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Undescended Testes Tied to Higher Risk of Cancer, Infertility

FRIDAY, Aug. 31, 2018 -- Young boys with undescended testes are at increased risk for testicular cancer and infertility in adulthood, new research suggests.

Undescended testes are the most common birth defect in infant boys, affecting one in 100. Corrective surgery is required.

For the new study, researchers examined data on nearly 351,000 boys who were born in Australia between 1970 and 1999, and followed until 2016.

Boys born with undescended testes had 2.4 times the risk of adult testicular cancer compared to other boys, the University of Sydney researchers reported.

And that risk rose 6 percent with each six-month delay of corrective surgery. The operation, called an orchidopexy, moves an undescended testicle into the scrotum and permanently fixes it there. Guidelines recommend the surgery before 18 months of age.

Boys with undescended testes were 20 percent less likely to father children, and were more than twice as likely to use assisted reproductive technology, according to the study.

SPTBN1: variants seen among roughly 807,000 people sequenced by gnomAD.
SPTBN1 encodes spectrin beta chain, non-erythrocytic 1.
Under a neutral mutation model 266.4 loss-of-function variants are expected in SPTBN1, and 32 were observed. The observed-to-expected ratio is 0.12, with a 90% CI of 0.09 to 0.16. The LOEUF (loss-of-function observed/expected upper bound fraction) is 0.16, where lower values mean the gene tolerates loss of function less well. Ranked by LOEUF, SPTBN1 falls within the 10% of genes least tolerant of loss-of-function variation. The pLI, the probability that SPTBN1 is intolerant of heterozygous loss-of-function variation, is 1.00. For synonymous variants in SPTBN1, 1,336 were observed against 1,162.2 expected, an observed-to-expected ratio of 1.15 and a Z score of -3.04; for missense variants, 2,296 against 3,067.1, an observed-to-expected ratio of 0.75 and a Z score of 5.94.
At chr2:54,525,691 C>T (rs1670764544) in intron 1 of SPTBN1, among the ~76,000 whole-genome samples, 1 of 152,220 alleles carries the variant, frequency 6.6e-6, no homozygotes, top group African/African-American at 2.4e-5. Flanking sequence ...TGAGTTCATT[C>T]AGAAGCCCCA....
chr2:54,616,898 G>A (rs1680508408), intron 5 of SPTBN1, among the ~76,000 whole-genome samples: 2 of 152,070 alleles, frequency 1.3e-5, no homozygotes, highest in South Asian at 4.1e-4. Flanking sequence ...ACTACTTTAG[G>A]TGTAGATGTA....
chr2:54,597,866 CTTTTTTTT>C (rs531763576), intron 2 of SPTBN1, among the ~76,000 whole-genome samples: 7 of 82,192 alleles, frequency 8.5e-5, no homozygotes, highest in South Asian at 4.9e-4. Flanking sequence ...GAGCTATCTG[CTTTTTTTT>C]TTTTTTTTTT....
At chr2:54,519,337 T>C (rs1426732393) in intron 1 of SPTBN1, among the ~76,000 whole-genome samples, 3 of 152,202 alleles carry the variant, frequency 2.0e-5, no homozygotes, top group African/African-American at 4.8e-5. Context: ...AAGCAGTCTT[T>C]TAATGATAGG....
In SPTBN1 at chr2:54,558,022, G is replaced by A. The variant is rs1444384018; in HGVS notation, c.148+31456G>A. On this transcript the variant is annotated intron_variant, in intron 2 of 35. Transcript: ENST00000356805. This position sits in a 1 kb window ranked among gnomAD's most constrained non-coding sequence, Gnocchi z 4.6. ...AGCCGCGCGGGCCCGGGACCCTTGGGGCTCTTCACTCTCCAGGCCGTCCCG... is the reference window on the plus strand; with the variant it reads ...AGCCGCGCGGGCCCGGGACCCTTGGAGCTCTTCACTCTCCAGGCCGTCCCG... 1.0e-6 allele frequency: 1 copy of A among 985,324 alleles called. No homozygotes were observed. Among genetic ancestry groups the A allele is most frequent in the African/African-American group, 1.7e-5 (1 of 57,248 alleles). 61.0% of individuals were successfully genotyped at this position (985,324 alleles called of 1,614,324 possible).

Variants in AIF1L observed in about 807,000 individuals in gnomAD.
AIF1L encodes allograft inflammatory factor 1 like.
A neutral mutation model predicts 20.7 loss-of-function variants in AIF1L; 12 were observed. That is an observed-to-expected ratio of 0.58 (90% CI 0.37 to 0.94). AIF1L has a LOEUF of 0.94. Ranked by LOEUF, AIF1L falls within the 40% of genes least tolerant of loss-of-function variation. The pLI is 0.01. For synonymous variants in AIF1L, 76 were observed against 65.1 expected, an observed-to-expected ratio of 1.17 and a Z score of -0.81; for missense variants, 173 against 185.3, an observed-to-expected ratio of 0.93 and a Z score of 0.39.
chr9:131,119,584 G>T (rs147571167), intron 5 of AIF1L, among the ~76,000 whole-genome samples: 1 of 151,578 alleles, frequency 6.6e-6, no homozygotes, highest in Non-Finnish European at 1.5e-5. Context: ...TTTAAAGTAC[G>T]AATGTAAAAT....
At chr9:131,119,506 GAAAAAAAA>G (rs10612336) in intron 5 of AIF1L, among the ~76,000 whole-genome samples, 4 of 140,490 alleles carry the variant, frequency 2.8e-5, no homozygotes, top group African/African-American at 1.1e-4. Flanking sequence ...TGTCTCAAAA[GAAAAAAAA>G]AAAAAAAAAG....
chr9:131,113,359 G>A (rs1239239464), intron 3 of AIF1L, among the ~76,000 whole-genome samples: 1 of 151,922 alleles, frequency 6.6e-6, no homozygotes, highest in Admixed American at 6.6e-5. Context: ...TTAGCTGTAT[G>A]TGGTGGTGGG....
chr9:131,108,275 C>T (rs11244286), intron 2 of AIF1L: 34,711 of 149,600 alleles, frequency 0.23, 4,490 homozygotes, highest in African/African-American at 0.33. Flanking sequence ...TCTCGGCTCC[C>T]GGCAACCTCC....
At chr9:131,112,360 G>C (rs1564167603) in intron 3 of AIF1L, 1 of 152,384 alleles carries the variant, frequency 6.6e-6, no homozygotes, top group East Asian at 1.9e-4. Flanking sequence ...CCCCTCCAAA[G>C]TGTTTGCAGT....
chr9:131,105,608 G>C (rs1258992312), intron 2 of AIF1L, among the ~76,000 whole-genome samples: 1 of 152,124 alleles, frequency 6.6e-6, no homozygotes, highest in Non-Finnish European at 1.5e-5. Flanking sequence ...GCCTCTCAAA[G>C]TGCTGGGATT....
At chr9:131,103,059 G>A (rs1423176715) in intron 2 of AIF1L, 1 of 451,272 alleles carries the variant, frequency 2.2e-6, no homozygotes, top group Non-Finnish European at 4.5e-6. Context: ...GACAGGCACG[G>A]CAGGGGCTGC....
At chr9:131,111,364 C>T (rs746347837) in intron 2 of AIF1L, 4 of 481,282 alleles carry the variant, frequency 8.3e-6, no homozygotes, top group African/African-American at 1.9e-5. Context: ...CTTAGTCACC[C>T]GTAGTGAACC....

"The study provides new evidence to support international guidelines recommending surgery before 18 months for boys with undescended testes to reduce the risk of both testicular cancer and infertility later in life," senior author Natasha Nassar, an epidemiologist, said in a university news release.

More than three-quarters of boys with undescended testes worldwide have the surgery after 18 months of age, the study authors noted.

Study leader Francisco Schneuer said this was the first "evidence-based information on the impact of early surgery on future risk of testicular cancer and infertility in adult males." Schneuer is a postdoctoral research fellow.

"Early diagnosis, ongoing examination and monitoring by parents and health practitioners, and timely referral to surgery of boys with undescended testes is important to ensure adherence with guidelines," Schneuer said.

"Early surgery can reduce the risk of malignancy and male infertility, and ultimately has the potential to reduce future adult male reproductive disorders," he concluded.

The report was published Aug. 29 in The Lancet Child & Adolescent Health journal.

© 2020 HealthDay. All rights reserved.

Posted: August 2018

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